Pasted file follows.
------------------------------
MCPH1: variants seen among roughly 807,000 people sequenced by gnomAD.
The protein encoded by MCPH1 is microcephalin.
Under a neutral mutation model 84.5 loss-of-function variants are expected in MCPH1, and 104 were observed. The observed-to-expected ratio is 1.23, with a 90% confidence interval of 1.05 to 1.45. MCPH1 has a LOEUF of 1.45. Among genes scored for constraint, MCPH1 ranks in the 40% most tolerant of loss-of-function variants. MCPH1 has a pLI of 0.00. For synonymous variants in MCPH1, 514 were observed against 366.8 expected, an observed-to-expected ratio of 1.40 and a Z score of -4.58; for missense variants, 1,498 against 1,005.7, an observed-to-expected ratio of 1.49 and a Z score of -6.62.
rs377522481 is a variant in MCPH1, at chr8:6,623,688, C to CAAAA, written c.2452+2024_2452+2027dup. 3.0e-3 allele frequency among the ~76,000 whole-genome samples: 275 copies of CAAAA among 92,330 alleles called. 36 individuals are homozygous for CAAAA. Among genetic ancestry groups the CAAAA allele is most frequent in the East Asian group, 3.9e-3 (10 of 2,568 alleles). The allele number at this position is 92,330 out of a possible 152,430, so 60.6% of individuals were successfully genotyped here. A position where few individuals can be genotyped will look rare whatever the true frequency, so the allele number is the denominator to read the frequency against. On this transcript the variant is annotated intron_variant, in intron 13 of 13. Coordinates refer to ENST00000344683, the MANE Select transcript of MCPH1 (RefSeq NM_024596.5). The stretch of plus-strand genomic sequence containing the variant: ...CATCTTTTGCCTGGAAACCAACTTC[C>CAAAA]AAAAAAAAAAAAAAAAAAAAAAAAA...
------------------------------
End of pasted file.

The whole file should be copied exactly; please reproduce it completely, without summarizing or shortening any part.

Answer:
MCPH1: variants seen among roughly 807,000 people sequenced by gnomAD.
The protein encoded by MCPH1 is microcephalin.
Under a neutral mutation model 84.5 loss-of-function variants are expected in MCPH1, and 104 were observed. The observed-to-expected ratio is 1.23, with a 90% confidence interval of 1.05 to 1.45. MCPH1 has a LOEUF of 1.45. Among genes scored for constraint, MCPH1 ranks in the 40% most tolerant of loss-of-function variants. MCPH1 has a pLI of 0.00. For synonymous variants in MCPH1, 514 were observed against 366.8 expected, an observed-to-expected ratio of 1.40 and a Z score of -4.58; for missense variants, 1,498 against 1,005.7, an observed-to-expected ratio of 1.49 and a Z score of -6.62.
rs377522481 is a variant in MCPH1, at chr8:6,623,688, C to CAAAA, written c.2452+2024_2452+2027dup. 3.0e-3 allele frequency among the ~76,000 whole-genome samples: 275 copies of CAAAA among 92,330 alleles called. 36 individuals are homozygous for CAAAA. Among genetic ancestry groups the CAAAA allele is most frequent in the East Asian group, 3.9e-3 (10 of 2,568 alleles). The allele number at this position is 92,330 out of a possible 152,430, so 60.6% of individuals were successfully genotyped here. A position where few individuals can be genotyped will look rare whatever the true frequency, so the allele number is the denominator to read the frequency against. On this transcript the variant is annotated intron_variant, in intron 13 of 13. Coordinates refer to ENST00000344683, the MANE Select transcript of MCPH1 (RefSeq NM_024596.5). The stretch of plus-strand genomic sequence containing the variant: ...CATCTTTTGCCTGGAAACCAACTTC[C>CAAAA]AAAAAAAAAAAAAAAAAAAAAAAAA...